Hope Starts Here
All of this is set up to the big point Joseph comes to understand at the end of all of these traumatic experiences. It is clear that through all these difficulties, Joseph did not understand this yet. He names his children in a way to shows he has forgotten he family. He immediately imprisons his brothers when they come to him. He keeps Simeon in prison for what may be a year or more. He tries to get his brothers to forsake Benjamin so that he will live with him in Egypt away from his scoundrel other brothers. No, it is not till the end that he has a light bulb about life when it does not go according to plan. The brothers are fearful for their lives after what they did to Joseph. When their father, Jacob, dies, they are all the more afraid that punishment and retribution for what they did is coming on them. But what Joseph says shows us how to have hope.
But Joseph said to them, “Do not fear, for am I in the place of God? As for you, you meant evil against me, but God meant it for good, to bring it about that many people should be kept alive, as they are today. So do not fear; I will provide for you and your little ones.” Thus he comforted them and spoke kindly to them. (Genesis 50:19–21 ESV)
Our first truth that Joseph declares is this. “Do not fear, for am I in the place of God?” Joseph is not going to make them pay or punish them because that is not his job. It is not my place to punish and pass that judgment on you. Friends, people can absolutely wreck our lives. What others do can have a direct and dramatic impact on us, forever changing our life course. We can want to make the other person pay for what they have done. We want to see them get what they deserve. But no matter how badly we have been hurt or how badly we have been wronged, we are not in the place of God. Executing judgment is reserved for God and not for me. If there is a judgment that needs to be given, then God is the one who will handle it, not me. Now remember that Joseph is the second most powerful person in Egypt. He can do anything to these brothers at this moment. But he understands that he has no right to use his power for punishment, anger, or vengeance. Think about Romans 12:17. “Repay no one evil for evil.” There is no exception to this. There is no loophole that allows us to retaliate if the evil is really bad. Vengeance belongs to the Lord, not us. This is how Joseph can comfort his brothers and speak kindly to them (50:21).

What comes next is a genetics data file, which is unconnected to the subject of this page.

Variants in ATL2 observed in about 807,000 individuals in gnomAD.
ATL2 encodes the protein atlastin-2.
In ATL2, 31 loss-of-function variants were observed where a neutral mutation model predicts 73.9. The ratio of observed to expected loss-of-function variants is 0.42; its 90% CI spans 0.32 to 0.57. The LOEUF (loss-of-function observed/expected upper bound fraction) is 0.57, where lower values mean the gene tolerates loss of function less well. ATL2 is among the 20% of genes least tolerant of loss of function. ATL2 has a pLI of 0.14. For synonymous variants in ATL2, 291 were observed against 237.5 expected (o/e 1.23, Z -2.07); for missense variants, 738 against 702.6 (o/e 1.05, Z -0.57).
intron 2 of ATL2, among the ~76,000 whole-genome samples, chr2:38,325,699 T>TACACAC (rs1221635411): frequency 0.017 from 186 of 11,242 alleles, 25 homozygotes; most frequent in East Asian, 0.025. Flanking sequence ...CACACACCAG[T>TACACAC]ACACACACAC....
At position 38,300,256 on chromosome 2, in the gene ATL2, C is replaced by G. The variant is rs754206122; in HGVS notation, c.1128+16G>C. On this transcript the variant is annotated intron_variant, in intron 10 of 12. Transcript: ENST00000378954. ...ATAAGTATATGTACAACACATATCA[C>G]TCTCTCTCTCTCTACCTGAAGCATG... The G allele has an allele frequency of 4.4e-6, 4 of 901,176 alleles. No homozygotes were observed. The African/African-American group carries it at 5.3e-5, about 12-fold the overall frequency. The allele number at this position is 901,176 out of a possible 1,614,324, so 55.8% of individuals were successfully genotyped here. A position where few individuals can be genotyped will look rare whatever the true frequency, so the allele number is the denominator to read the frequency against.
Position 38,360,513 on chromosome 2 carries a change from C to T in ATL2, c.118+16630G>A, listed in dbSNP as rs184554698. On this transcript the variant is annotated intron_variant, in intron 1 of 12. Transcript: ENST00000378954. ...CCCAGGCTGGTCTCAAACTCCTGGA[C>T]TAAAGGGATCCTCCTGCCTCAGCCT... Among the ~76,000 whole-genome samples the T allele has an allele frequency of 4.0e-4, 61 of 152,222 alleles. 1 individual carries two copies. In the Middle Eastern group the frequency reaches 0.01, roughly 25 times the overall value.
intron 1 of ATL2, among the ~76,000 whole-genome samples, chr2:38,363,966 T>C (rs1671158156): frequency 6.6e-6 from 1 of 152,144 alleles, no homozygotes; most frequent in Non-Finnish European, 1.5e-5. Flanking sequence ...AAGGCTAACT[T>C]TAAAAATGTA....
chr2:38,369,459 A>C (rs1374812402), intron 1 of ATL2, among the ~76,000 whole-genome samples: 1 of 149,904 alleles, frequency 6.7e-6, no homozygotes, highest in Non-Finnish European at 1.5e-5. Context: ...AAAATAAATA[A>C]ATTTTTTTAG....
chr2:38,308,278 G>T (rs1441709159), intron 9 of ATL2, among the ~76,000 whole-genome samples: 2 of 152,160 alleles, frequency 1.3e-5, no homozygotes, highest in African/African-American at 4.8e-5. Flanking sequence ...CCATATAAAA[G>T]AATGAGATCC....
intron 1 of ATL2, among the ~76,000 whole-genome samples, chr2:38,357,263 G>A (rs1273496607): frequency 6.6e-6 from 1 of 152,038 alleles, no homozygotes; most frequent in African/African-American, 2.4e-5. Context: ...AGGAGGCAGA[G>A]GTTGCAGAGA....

But here is hope and our second important truth. Listen again to what Joseph said. “As for you, you meant evil against me, but God meant it for good.” Just let the power of these words sink into your hearts. What is God telling us? God is telling us that just because your life not going to plan does not mean that it is not going according to God’s plan. What others mean for evil God can mean for good. Listen to how he said this earlier to his brothers.
So Joseph said to his brothers, “Come near to me, please.” And they came near. And he said, “I am your brother, Joseph, whom you sold into Egypt. And now do not be distressed or angry with yourselves because you sold me here, for God sent me before you to preserve life. For the famine has been in the land these two years, and there are yet five years in which there will be neither plowing nor harvest. And God sent me before you to preserve for you a remnant on earth, and to keep alive for you many survivors. So it was not you who sent me here, but God. He has made me a father to Pharaoh, and lord of all his house and ruler over all the land of Egypt. (Genesis 45:4–8 ESV)
Did you hear what Joseph said? It was not you who sent me here, but God. Notice he is not ignoring the culpability of his brothers. He says that you sold me into Egypt (45:4-5). But he understands that God sent him here for a purpose. How do we know that God can take evil and use it for good in our lives? Just look to the cross of Jesus. The Roman leaders and Jewish leaders meant it for evil but God meant it for good. Judas meant it for evil but God meant it for good. Did it look like it at the moment? No, not at all. But in the end we can see that God worked all things together for his purpose (cf. Romans 8:28).
Please hear this. When life begins to unravel, and things go from bad to worse, and the rug gets pulled out from under us so that we lose all hope, God still has you in this moment and is still accomplishing his plan and purposes in the world and in your life. Life may not go according to our plans but it will go according to God’s plan. God is still with you. God is working his plans. May we have the faith to believe it.